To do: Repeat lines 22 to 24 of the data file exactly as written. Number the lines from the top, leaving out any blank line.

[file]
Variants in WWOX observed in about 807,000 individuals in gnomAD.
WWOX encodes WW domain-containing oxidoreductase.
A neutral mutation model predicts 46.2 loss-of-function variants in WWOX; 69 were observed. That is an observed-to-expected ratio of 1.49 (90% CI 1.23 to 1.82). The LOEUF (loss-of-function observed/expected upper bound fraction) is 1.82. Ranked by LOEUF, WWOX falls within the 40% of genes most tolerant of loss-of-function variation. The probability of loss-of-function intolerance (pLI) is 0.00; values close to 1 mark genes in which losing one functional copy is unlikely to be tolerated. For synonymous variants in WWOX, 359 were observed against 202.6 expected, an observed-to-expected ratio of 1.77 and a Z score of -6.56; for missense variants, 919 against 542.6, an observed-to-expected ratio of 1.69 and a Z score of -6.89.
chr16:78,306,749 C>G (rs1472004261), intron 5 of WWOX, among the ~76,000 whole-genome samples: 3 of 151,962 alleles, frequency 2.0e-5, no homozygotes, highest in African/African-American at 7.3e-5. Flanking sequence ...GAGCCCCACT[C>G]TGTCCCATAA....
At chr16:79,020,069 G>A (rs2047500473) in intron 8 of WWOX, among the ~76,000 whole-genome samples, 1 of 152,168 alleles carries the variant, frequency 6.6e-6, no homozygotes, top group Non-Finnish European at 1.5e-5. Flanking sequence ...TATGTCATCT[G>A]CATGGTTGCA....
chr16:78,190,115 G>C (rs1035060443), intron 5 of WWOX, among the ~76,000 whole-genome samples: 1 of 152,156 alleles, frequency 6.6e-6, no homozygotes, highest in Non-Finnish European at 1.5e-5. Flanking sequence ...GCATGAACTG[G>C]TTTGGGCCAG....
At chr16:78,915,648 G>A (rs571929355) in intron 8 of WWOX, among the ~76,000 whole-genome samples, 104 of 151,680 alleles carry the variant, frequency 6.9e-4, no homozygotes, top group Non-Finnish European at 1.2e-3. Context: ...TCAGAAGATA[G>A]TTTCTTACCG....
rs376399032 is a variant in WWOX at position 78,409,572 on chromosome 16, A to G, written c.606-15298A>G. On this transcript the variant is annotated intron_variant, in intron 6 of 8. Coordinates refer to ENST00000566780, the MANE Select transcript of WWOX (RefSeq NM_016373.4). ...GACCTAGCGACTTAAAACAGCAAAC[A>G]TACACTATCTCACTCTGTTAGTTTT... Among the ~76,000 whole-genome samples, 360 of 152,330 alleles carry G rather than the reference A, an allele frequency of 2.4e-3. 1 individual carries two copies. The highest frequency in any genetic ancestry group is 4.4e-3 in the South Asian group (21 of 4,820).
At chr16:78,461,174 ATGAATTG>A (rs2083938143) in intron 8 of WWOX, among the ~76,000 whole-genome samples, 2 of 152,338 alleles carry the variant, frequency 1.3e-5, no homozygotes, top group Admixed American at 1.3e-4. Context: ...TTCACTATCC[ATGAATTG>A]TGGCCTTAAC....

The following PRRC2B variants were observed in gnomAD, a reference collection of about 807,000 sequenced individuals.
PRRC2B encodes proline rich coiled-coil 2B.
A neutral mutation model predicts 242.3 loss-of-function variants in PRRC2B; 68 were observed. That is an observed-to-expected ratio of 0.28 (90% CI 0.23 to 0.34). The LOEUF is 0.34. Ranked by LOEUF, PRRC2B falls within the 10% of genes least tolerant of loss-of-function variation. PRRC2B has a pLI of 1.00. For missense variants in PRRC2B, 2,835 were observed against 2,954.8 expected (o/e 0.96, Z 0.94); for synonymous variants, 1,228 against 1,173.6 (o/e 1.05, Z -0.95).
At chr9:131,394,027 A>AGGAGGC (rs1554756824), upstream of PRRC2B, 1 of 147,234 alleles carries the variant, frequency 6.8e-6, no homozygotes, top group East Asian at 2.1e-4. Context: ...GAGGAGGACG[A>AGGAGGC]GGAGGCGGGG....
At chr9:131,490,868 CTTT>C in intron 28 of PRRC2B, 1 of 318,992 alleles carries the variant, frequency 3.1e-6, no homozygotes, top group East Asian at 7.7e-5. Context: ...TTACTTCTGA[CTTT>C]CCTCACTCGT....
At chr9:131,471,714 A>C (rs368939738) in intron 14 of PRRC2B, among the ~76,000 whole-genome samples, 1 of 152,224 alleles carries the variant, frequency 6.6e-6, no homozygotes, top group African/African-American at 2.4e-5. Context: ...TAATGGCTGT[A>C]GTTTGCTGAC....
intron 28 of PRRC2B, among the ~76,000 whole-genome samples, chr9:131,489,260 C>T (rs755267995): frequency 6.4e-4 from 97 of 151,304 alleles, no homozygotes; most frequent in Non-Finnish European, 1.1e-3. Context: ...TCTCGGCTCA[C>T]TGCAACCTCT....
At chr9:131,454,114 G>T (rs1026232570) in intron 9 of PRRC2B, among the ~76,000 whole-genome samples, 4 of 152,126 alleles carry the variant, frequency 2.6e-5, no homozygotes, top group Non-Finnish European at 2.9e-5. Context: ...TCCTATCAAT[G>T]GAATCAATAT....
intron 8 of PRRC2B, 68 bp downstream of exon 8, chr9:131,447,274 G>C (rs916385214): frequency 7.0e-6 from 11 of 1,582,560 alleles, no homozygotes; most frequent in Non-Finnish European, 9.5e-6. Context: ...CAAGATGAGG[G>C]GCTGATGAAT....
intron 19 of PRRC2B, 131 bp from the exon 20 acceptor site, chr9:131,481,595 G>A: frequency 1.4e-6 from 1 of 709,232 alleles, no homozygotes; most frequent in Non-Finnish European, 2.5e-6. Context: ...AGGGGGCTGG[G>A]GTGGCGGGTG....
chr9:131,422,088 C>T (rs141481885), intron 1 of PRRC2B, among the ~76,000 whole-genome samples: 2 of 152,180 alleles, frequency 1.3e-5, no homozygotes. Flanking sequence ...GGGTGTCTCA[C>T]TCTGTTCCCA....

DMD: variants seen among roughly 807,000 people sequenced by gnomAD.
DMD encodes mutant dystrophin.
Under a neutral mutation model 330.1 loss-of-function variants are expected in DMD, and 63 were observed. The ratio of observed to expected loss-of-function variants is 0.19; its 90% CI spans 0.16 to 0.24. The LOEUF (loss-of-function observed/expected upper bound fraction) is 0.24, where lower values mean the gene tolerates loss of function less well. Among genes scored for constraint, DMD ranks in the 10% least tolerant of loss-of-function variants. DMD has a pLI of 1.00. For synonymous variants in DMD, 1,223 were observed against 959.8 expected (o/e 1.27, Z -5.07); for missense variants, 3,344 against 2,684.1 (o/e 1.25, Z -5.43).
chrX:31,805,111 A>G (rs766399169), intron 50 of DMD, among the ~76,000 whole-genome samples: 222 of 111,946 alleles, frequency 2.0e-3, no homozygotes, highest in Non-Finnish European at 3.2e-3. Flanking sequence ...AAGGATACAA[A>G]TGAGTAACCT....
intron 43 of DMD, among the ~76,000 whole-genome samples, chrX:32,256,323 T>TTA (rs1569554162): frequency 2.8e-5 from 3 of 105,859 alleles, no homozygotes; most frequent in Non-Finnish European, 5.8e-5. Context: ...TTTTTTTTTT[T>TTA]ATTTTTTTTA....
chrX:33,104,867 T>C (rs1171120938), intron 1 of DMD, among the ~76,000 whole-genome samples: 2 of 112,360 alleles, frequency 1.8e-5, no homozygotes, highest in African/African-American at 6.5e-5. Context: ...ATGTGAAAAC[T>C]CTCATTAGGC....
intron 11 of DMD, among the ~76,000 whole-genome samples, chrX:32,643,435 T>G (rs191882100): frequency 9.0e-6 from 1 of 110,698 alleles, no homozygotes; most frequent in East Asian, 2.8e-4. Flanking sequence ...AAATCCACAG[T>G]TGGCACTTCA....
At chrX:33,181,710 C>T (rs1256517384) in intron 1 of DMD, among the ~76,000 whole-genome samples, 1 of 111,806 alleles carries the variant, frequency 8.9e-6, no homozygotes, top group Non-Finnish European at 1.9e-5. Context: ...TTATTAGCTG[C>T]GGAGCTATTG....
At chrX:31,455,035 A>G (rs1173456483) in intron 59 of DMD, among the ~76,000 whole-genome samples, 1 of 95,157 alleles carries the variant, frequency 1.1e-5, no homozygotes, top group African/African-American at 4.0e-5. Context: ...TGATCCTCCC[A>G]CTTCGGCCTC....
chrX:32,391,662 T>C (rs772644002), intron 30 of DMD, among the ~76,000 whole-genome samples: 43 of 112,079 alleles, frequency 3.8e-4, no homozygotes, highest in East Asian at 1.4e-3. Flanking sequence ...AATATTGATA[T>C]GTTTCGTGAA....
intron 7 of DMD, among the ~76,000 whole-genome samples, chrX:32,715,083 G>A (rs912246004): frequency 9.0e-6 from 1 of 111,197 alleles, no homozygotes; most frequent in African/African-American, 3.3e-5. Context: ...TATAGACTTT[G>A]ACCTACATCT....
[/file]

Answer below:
DMD encodes mutant dystrophin.
Under a neutral mutation model 330.1 loss-of-function variants are expected in DMD, and 63 were observed. The ratio of observed to expected loss-of-function variants is 0.19; its 90% CI spans 0.16 to 0.24. The LOEUF (loss-of-function observed/expected upper bound fraction) is 0.24, where lower values mean the gene tolerates loss of function less well. Among genes scored for constraint, DMD ranks in the 10% least tolerant of loss-of-function variants. DMD has a pLI of 1.00. For synonymous variants in DMD, 1,223 were observed against 959.8 expected (o/e 1.27, Z -5.07); for missense variants, 3,344 against 2,684.1 (o/e 1.25, Z -5.43).
chrX:31,805,111 A>G (rs766399169), intron 50 of DMD, among the ~76,000 whole-genome samples: 222 of 111,946 alleles, frequency 2.0e-3, no homozygotes, highest in Non-Finnish European at 3.2e-3. Flanking sequence ...AAGGATACAA[A>G]TGAGTAACCT....